From medieval castles to the folly architecture of the eighteenth century, Lords who exerted their power left their mark on the region. Visible traces of this heritage are very much part of the scenery and several of these stately homes have become the city Halls in the different localities. Discover the castles and mansions of the princes of Orléans in Le Raincy, Villemomble castle, Gournay castle, Bagnolet castle, "Le Château Bleu" in Tremblay-en-France ; Saint-Ouen castle where Madame de Staël resided. The different follies were transformed into country houses such as the house of Rose Bertin in Epinay-sur-Seine and château des Cèdres in Montfermeil. And many more…
Fortified castles were first small fortresses built perched high on artificial hillocks, mounds of earth, just like the specimen which can be seen in Drancy in the Park "La Doucette". Most of the fortified castles were rebuilt according to new architectural criteria. Henceforth, fortified houses were surrounded by a circular enclosure. Fortification remains from the 12th century can still be seen in rue des Fossés in the "Vieux Pays" in Tremblay-en-France. Providing military support and a safe haven, the castle was also the pivotal point of a network of outbuildings to become the core of a rural economy. A Seigneurial residence, the castle favored the development of the town as well as the foundation of a new fortified city.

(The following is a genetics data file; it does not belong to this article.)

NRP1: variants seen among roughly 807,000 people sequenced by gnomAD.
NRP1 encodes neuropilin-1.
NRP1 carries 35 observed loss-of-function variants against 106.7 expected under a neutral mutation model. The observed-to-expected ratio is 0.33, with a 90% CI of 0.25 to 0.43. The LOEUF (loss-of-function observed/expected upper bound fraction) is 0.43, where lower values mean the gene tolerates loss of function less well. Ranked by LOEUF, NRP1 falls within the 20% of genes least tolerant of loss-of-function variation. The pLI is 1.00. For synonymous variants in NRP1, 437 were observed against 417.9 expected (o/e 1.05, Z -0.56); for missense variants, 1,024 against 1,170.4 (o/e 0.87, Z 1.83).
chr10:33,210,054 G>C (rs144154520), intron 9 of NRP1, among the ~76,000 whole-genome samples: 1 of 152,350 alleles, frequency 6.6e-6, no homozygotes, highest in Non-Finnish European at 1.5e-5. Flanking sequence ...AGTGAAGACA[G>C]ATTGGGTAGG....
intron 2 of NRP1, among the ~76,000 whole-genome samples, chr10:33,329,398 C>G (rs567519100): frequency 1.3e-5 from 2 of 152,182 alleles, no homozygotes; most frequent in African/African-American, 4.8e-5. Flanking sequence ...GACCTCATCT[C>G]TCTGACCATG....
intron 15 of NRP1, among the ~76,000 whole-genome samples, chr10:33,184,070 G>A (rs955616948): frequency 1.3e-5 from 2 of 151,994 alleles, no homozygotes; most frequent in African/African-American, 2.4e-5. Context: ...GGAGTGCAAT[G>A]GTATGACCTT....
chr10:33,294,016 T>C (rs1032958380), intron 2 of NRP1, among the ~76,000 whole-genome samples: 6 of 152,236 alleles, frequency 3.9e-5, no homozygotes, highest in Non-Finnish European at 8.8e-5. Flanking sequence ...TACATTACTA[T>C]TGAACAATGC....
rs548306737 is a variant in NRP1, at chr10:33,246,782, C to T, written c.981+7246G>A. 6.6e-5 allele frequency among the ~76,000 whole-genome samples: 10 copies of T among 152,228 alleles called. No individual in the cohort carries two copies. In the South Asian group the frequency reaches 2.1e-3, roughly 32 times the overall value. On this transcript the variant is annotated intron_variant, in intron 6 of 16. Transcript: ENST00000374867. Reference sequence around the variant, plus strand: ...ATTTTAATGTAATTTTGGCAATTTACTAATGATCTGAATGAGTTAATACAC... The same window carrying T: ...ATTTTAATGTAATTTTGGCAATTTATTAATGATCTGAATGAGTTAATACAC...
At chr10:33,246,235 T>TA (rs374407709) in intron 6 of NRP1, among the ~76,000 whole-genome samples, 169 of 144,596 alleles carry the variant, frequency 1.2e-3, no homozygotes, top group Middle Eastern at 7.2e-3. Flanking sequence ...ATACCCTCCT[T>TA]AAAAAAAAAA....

In architecture, classicism is characterized by the compilation of various existing elements. François Mansart was the first to bring them together to make one, individual style. Henceforth, single dwellings prevailed. You can find example of these in the towns of: Bagnolet, Gournay sur Marne, Gagny, Tremblay en France and Blanc Mesnil.
In the eighteenth century, Parisians moved out of the walls of the capital to build their houses in the countryside. Because of their initial purpose, these little houses were known as "ollies". Indeed, follies were sometimes used to house secret lovers or less discreet antics. The follies became very fashionable among Parisians who could afford to buy them. They became country houses and even main homes such as the House of Rose Bertin in Epinay-sur-Seine or Villemomble castle. These follies often looked like castles such as the one located in Sevran. Noblemen restored their homes according to the new concept or replaced them by new ones.
Senior judges acquired these domains and built their house there. It was the Attorney General of the Chamber of Accounts who built the castle “château des Cèdres” in Montfermeil. War veterans and diplomats prepared to retire to these follies. Many of these castles had financial backing such as the one located in Epinay-sur-Seine built by the marquis du Terrail, the son of a rich business man, or by men of the arts, such as the "château de Montguichet", in Gagny, the property of a doctor. Shopkeepers residents were not less extravagant such as the old mansion belonging to a horse dealer in Le Bourget. Castles and mansions built in the eighteenth century are numerous in Seine Saint Denis. They are well preserved; listed, restored and many of them have now become the administrative center or the town hall of their locality.
Château Puységur in Clichy-sous-Bois, current City Hall (facade from the 19th century)